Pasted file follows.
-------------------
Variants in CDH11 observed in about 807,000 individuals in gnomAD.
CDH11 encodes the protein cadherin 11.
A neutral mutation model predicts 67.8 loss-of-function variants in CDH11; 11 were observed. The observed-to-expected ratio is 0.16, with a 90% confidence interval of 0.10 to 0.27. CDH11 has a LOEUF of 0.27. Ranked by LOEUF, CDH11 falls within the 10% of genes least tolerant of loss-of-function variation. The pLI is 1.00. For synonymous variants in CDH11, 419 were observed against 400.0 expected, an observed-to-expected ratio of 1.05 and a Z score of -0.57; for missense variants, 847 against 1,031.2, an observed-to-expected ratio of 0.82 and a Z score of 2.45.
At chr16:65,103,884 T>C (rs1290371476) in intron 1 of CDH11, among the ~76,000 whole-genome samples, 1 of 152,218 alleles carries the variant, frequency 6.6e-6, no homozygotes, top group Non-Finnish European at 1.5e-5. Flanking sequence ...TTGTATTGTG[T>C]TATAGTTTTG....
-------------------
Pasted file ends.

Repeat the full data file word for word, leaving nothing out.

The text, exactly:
Variants in CDH11 observed in about 807,000 individuals in gnomAD.
CDH11 encodes the protein cadherin 11.
A neutral mutation model predicts 67.8 loss-of-function variants in CDH11; 11 were observed. The observed-to-expected ratio is 0.16, with a 90% confidence interval of 0.10 to 0.27. CDH11 has a LOEUF of 0.27. Ranked by LOEUF, CDH11 falls within the 10% of genes least tolerant of loss-of-function variation. The pLI is 1.00. For synonymous variants in CDH11, 419 were observed against 400.0 expected, an observed-to-expected ratio of 1.05 and a Z score of -0.57; for missense variants, 847 against 1,031.2, an observed-to-expected ratio of 0.82 and a Z score of 2.45.
At chr16:65,103,884 T>C (rs1290371476) in intron 1 of CDH11, among the ~76,000 whole-genome samples, 1 of 152,218 alleles carries the variant, frequency 6.6e-6, no homozygotes, top group Non-Finnish European at 1.5e-5. Flanking sequence ...TTGTATTGTG[T>C]TATAGTTTTG....